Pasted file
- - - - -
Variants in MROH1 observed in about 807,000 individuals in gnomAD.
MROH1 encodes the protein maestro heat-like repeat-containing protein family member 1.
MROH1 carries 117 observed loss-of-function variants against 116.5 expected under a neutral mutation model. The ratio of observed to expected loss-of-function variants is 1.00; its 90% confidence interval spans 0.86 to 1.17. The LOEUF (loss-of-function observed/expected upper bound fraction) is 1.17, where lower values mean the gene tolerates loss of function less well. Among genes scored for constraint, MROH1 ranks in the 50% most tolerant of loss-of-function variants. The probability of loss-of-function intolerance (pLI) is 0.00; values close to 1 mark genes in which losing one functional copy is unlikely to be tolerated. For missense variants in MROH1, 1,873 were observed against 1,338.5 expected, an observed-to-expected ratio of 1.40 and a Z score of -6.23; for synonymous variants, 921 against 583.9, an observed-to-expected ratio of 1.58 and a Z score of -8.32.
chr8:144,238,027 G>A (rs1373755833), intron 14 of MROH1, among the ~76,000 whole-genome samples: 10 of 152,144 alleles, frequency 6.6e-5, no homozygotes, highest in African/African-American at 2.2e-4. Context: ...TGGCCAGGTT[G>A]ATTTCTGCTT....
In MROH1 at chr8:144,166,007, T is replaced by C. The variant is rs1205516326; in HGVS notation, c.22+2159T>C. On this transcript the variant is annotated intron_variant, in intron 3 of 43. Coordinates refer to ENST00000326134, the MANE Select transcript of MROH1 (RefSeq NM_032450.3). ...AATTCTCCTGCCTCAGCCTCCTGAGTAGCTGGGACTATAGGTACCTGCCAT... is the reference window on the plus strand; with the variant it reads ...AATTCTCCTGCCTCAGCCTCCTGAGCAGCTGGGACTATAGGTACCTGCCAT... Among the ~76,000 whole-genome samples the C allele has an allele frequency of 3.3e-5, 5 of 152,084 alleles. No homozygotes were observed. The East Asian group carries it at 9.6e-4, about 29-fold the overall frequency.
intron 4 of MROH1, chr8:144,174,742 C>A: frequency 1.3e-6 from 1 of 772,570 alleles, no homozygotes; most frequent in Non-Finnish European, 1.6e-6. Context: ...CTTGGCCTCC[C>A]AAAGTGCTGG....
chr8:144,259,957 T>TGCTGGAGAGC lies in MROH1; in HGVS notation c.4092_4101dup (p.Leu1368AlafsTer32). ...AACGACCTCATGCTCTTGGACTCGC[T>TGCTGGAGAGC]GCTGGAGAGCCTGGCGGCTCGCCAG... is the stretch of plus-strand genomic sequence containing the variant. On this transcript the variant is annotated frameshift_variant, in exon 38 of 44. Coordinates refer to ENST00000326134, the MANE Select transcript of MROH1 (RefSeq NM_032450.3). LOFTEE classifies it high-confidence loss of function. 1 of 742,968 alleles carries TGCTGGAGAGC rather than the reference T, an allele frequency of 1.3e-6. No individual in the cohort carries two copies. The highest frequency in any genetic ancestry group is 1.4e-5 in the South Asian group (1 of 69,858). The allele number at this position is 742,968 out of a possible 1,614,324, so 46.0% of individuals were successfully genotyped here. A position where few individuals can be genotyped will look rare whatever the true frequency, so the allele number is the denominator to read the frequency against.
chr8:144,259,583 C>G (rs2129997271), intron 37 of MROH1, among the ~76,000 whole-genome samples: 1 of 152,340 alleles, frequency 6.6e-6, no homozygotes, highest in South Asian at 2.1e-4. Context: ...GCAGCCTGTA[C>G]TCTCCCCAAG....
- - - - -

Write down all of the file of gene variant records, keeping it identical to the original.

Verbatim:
Variants in MROH1 observed in about 807,000 individuals in gnomAD.
MROH1 encodes the protein maestro heat-like repeat-containing protein family member 1.
MROH1 carries 117 observed loss-of-function variants against 116.5 expected under a neutral mutation model. The ratio of observed to expected loss-of-function variants is 1.00; its 90% confidence interval spans 0.86 to 1.17. The LOEUF (loss-of-function observed/expected upper bound fraction) is 1.17, where lower values mean the gene tolerates loss of function less well. Among genes scored for constraint, MROH1 ranks in the 50% most tolerant of loss-of-function variants. The probability of loss-of-function intolerance (pLI) is 0.00; values close to 1 mark genes in which losing one functional copy is unlikely to be tolerated. For missense variants in MROH1, 1,873 were observed against 1,338.5 expected, an observed-to-expected ratio of 1.40 and a Z score of -6.23; for synonymous variants, 921 against 583.9, an observed-to-expected ratio of 1.58 and a Z score of -8.32.
chr8:144,238,027 G>A (rs1373755833), intron 14 of MROH1, among the ~76,000 whole-genome samples: 10 of 152,144 alleles, frequency 6.6e-5, no homozygotes, highest in African/African-American at 2.2e-4. Context: ...TGGCCAGGTT[G>A]ATTTCTGCTT....
In MROH1 at chr8:144,166,007, T is replaced by C. The variant is rs1205516326; in HGVS notation, c.22+2159T>C. On this transcript the variant is annotated intron_variant, in intron 3 of 43. Coordinates refer to ENST00000326134, the MANE Select transcript of MROH1 (RefSeq NM_032450.3). ...AATTCTCCTGCCTCAGCCTCCTGAGTAGCTGGGACTATAGGTACCTGCCAT... is the reference window on the plus strand; with the variant it reads ...AATTCTCCTGCCTCAGCCTCCTGAGCAGCTGGGACTATAGGTACCTGCCAT... Among the ~76,000 whole-genome samples the C allele has an allele frequency of 3.3e-5, 5 of 152,084 alleles. No homozygotes were observed. The East Asian group carries it at 9.6e-4, about 29-fold the overall frequency.
intron 4 of MROH1, chr8:144,174,742 C>A: frequency 1.3e-6 from 1 of 772,570 alleles, no homozygotes; most frequent in Non-Finnish European, 1.6e-6. Context: ...CTTGGCCTCC[C>A]AAAGTGCTGG....
chr8:144,259,957 T>TGCTGGAGAGC lies in MROH1; in HGVS notation c.4092_4101dup (p.Leu1368AlafsTer32). ...AACGACCTCATGCTCTTGGACTCGC[T>TGCTGGAGAGC]GCTGGAGAGCCTGGCGGCTCGCCAG... is the stretch of plus-strand genomic sequence containing the variant. On this transcript the variant is annotated frameshift_variant, in exon 38 of 44. Coordinates refer to ENST00000326134, the MANE Select transcript of MROH1 (RefSeq NM_032450.3). LOFTEE classifies it high-confidence loss of function. 1 of 742,968 alleles carries TGCTGGAGAGC rather than the reference T, an allele frequency of 1.3e-6. No individual in the cohort carries two copies. The highest frequency in any genetic ancestry group is 1.4e-5 in the South Asian group (1 of 69,858). The allele number at this position is 742,968 out of a possible 1,614,324, so 46.0% of individuals were successfully genotyped here. A position where few individuals can be genotyped will look rare whatever the true frequency, so the allele number is the denominator to read the frequency against.
chr8:144,259,583 C>G (rs2129997271), intron 37 of MROH1, among the ~76,000 whole-genome samples: 1 of 152,340 alleles, frequency 6.6e-6, no homozygotes, highest in South Asian at 2.1e-4. Context: ...GCAGCCTGTA[C>G]TCTCCCCAAG....